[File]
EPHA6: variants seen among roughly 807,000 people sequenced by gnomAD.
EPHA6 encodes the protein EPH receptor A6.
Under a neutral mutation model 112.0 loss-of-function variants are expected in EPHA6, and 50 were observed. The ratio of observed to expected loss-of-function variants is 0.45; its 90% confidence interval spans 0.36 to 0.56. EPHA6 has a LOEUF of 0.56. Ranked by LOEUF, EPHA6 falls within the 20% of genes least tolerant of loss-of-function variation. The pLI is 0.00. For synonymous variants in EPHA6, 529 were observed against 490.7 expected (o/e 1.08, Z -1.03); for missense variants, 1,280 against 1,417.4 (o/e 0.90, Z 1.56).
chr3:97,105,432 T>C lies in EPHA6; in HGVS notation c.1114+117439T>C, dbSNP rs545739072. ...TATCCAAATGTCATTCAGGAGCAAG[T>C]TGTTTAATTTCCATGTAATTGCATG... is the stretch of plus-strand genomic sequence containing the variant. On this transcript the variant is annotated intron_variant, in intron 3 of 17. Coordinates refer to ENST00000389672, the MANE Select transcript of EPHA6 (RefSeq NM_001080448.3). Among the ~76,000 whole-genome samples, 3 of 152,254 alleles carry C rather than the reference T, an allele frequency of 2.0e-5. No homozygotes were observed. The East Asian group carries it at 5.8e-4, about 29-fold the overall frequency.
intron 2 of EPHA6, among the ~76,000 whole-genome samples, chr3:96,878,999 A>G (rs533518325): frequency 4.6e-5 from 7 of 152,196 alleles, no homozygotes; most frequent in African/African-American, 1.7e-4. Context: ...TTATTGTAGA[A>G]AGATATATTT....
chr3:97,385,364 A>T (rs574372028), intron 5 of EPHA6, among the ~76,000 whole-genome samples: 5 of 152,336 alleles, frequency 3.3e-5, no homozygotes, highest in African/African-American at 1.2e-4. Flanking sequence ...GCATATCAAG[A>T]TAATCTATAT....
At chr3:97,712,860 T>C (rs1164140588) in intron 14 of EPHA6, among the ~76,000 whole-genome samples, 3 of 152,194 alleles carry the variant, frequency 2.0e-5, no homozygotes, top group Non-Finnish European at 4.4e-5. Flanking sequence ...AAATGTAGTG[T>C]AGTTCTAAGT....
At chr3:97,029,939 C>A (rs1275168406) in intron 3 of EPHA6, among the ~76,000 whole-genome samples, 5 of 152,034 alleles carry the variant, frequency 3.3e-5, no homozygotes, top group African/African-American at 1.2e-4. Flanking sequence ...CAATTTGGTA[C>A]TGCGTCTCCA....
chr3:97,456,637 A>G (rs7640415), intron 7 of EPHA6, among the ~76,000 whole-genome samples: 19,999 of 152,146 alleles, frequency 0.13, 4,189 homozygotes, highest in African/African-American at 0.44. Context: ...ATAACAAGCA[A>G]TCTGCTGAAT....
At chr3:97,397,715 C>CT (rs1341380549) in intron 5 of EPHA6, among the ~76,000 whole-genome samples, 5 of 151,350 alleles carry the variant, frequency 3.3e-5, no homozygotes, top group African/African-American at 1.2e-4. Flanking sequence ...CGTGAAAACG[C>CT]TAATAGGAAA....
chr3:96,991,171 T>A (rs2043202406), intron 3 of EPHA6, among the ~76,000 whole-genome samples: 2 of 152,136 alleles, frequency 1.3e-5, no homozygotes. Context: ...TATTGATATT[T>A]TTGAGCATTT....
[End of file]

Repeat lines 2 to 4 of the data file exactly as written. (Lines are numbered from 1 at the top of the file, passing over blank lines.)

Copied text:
EPHA6 encodes the protein EPH receptor A6.
Under a neutral mutation model 112.0 loss-of-function variants are expected in EPHA6, and 50 were observed. The ratio of observed to expected loss-of-function variants is 0.45; its 90% confidence interval spans 0.36 to 0.56. EPHA6 has a LOEUF of 0.56. Ranked by LOEUF, EPHA6 falls within the 20% of genes least tolerant of loss-of-function variation. The pLI is 0.00. For synonymous variants in EPHA6, 529 were observed against 490.7 expected (o/e 1.08, Z -1.03); for missense variants, 1,280 against 1,417.4 (o/e 0.90, Z 1.56).
chr3:97,105,432 T>C lies in EPHA6; in HGVS notation c.1114+117439T>C, dbSNP rs545739072. ...TATCCAAATGTCATTCAGGAGCAAG[T>C]TGTTTAATTTCCATGTAATTGCATG... is the stretch of plus-strand genomic sequence containing the variant. On this transcript the variant is annotated intron_variant, in intron 3 of 17. Coordinates refer to ENST00000389672, the MANE Select transcript of EPHA6 (RefSeq NM_001080448.3). Among the ~76,000 whole-genome samples, 3 of 152,254 alleles carry C rather than the reference T, an allele frequency of 2.0e-5. No homozygotes were observed. The East Asian group carries it at 5.8e-4, about 29-fold the overall frequency.